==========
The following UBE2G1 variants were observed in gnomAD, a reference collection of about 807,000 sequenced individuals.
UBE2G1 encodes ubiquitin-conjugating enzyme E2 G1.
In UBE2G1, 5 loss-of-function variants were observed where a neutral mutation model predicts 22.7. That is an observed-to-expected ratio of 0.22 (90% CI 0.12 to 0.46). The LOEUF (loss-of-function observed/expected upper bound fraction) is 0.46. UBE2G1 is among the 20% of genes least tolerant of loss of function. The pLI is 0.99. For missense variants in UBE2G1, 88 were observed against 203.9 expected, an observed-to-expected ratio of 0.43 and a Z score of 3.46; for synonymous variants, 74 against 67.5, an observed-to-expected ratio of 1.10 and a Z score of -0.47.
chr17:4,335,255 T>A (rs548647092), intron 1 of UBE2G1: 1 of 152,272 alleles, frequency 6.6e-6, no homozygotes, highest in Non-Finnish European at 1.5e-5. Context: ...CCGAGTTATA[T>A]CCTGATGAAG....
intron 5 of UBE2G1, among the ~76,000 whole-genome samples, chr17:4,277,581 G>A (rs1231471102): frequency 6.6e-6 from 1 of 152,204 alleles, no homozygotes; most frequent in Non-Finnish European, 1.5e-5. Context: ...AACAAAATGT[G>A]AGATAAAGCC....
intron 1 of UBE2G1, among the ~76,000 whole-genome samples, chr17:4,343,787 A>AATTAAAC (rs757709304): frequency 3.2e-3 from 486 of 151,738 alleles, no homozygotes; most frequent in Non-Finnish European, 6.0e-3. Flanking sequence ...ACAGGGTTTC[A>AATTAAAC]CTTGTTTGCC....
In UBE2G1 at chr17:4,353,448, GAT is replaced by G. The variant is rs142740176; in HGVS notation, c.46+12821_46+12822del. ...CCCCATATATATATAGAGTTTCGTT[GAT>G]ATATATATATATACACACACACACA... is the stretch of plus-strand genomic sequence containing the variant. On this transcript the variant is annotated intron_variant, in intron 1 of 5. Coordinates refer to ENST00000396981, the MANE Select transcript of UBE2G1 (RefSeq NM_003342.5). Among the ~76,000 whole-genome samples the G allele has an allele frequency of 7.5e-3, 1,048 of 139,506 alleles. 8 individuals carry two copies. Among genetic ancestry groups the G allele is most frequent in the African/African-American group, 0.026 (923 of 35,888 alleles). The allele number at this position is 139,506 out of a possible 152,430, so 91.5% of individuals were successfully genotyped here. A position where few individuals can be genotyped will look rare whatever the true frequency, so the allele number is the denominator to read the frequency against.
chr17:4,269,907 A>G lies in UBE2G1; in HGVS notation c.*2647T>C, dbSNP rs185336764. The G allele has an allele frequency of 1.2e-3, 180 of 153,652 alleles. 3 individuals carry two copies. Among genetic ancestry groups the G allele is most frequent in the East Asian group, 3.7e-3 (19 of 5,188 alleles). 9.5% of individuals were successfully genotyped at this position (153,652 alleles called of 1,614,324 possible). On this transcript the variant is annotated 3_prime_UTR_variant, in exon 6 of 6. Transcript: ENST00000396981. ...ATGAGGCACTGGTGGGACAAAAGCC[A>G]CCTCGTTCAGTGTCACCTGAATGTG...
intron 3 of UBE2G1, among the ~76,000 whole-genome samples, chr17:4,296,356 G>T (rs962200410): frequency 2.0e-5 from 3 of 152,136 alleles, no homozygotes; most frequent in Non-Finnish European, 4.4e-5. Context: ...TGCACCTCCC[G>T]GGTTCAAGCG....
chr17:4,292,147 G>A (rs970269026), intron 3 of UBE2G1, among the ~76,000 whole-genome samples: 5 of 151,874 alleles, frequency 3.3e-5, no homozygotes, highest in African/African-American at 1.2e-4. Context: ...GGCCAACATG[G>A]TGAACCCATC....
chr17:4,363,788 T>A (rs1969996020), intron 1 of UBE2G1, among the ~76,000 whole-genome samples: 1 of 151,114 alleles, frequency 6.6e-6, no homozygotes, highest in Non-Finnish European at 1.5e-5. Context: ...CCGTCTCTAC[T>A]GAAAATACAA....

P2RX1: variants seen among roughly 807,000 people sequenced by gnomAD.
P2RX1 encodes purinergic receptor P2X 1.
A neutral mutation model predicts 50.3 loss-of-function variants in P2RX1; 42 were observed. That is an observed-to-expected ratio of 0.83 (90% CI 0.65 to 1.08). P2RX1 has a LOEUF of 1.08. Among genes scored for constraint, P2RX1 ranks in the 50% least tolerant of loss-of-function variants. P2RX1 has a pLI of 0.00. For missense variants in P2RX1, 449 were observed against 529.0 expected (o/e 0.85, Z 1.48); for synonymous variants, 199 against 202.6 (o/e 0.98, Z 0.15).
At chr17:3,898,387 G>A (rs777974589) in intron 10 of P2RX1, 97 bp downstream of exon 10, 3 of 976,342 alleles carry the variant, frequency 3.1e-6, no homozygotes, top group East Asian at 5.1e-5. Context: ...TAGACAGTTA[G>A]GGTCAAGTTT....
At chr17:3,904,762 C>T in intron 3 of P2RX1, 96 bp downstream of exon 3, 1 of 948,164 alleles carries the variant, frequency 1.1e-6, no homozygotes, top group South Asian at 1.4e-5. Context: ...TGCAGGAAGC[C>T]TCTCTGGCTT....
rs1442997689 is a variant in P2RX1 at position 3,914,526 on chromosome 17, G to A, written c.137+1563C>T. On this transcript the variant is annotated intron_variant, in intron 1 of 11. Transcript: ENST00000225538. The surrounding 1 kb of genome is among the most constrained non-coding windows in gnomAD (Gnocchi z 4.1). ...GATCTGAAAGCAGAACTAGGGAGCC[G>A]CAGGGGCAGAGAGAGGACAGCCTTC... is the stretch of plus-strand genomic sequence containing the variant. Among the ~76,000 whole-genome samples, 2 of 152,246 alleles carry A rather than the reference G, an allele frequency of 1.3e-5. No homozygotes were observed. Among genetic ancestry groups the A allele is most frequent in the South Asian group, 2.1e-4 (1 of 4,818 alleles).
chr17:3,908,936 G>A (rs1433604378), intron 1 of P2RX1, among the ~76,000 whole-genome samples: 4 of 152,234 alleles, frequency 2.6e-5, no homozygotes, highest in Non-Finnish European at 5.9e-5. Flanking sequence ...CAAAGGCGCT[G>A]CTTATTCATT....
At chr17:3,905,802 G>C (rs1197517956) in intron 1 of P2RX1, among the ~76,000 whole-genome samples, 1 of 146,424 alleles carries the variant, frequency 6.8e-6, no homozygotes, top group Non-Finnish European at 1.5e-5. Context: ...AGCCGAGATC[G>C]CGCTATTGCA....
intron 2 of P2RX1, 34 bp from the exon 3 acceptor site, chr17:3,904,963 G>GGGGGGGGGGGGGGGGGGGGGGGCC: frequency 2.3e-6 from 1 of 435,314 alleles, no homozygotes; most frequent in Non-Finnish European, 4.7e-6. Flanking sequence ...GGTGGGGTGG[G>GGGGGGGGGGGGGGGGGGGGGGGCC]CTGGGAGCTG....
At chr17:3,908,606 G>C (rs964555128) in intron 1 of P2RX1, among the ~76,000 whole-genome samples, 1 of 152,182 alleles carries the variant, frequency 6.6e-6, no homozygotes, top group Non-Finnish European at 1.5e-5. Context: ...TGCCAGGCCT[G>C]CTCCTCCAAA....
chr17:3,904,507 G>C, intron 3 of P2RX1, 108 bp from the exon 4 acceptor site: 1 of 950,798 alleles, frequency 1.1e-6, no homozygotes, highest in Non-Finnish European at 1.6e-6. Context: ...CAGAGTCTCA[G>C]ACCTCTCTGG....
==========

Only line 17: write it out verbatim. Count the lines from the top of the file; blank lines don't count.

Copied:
rs1442997689 is a variant in P2RX1 at position 3,914,526 on chromosome 17, G to A, written c.137+1563C>T. On this transcript the variant is annotated intron_variant, in intron 1 of 11. Transcript: ENST00000225538. The surrounding 1 kb of genome is among the most constrained non-coding windows in gnomAD (Gnocchi z 4.1). ...GATCTGAAAGCAGAACTAGGGAGCC[G>A]CAGGGGCAGAGAGAGGACAGCCTTC... is the stretch of plus-strand genomic sequence containing the variant. Among the ~76,000 whole-genome samples, 2 of 152,246 alleles carry A rather than the reference G, an allele frequency of 1.3e-5. No homozygotes were observed. Among genetic ancestry groups the A allele is most frequent in the South Asian group, 2.1e-4 (1 of 4,818 alleles).